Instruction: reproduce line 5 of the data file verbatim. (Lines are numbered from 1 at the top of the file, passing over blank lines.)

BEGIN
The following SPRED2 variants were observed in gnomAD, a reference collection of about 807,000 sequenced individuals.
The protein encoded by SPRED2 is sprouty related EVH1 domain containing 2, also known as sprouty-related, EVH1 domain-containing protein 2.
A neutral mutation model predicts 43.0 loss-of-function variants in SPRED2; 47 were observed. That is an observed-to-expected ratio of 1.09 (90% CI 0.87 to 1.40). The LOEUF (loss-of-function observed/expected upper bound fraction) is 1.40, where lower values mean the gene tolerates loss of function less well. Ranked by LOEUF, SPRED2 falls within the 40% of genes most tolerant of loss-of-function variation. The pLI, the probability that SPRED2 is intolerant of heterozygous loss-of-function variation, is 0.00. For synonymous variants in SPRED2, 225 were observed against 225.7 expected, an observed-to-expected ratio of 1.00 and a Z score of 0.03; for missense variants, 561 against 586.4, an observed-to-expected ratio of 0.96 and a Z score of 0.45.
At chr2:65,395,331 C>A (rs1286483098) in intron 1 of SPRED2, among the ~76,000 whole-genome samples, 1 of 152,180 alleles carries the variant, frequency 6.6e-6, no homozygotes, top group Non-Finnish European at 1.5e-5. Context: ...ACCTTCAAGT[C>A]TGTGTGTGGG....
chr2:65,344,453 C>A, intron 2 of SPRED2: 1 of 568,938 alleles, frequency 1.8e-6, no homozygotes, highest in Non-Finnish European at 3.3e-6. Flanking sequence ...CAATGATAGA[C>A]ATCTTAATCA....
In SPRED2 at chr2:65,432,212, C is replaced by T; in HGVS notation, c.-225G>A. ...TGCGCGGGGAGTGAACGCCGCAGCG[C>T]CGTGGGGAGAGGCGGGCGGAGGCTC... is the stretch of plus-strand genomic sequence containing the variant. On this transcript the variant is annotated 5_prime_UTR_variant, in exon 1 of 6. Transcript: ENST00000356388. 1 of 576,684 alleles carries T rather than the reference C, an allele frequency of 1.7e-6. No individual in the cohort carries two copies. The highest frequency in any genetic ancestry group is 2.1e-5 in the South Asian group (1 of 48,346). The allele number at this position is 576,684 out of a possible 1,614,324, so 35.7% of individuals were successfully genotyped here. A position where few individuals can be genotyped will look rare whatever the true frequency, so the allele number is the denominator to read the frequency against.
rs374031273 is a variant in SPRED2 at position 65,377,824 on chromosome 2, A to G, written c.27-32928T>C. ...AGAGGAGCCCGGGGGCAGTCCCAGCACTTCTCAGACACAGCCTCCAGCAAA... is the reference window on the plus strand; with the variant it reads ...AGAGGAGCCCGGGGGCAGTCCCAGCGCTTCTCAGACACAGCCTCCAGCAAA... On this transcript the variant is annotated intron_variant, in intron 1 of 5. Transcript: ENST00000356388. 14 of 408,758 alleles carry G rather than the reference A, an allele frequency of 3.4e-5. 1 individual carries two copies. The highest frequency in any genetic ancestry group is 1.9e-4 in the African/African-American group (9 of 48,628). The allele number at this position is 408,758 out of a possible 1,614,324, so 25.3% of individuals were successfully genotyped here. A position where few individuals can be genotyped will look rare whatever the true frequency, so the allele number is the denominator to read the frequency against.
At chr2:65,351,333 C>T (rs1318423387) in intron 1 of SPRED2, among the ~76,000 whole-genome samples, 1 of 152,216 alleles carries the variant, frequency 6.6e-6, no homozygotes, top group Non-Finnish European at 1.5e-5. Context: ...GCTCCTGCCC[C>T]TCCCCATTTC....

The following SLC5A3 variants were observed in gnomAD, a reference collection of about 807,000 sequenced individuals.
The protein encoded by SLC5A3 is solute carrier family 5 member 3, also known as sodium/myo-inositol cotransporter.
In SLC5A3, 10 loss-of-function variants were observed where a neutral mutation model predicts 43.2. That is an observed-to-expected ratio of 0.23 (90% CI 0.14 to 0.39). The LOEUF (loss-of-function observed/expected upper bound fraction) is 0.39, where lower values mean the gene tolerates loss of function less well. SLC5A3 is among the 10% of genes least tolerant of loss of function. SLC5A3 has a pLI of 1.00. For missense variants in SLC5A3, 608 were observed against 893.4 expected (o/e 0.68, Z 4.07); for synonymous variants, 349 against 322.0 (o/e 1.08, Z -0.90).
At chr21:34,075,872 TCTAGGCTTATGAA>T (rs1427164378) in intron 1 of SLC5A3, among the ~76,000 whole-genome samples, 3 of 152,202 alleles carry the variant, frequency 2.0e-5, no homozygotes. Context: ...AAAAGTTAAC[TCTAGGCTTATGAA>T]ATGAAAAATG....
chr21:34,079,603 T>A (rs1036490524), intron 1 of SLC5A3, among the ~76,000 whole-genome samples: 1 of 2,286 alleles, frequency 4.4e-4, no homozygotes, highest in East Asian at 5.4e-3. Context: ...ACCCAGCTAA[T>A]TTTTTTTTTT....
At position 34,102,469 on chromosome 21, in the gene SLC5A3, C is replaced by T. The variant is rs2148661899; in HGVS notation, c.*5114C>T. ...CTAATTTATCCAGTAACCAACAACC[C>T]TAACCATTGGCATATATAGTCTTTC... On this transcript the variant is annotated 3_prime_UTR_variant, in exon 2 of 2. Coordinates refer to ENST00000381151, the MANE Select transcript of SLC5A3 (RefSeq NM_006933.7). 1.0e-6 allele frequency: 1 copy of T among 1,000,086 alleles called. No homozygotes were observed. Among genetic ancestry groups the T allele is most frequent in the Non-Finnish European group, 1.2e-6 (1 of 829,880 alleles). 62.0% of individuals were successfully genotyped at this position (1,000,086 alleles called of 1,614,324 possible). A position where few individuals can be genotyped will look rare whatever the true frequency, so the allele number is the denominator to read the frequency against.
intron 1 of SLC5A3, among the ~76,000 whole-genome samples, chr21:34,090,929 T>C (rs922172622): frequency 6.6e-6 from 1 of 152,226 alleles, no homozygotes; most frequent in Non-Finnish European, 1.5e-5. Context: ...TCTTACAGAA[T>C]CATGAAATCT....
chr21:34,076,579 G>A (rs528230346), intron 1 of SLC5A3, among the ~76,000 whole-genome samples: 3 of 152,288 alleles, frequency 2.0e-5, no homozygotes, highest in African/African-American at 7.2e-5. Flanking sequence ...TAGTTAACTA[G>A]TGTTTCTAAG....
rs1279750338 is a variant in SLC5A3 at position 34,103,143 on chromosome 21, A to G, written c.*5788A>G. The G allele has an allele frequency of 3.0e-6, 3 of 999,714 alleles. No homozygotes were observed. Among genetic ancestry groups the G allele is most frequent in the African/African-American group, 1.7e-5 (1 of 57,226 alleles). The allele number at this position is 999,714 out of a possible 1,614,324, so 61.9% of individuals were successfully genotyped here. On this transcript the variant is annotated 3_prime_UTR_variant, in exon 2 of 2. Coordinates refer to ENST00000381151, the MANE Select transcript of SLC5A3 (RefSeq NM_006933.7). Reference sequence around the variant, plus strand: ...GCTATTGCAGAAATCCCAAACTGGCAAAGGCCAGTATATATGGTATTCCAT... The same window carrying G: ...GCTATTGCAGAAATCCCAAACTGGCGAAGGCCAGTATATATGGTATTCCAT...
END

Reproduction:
chr2:65,344,453 C>A, intron 2 of SPRED2: 1 of 568,938 alleles, frequency 1.8e-6, no homozygotes, highest in Non-Finnish European at 3.3e-6. Flanking sequence ...CAATGATAGA[C>A]ATCTTAATCA....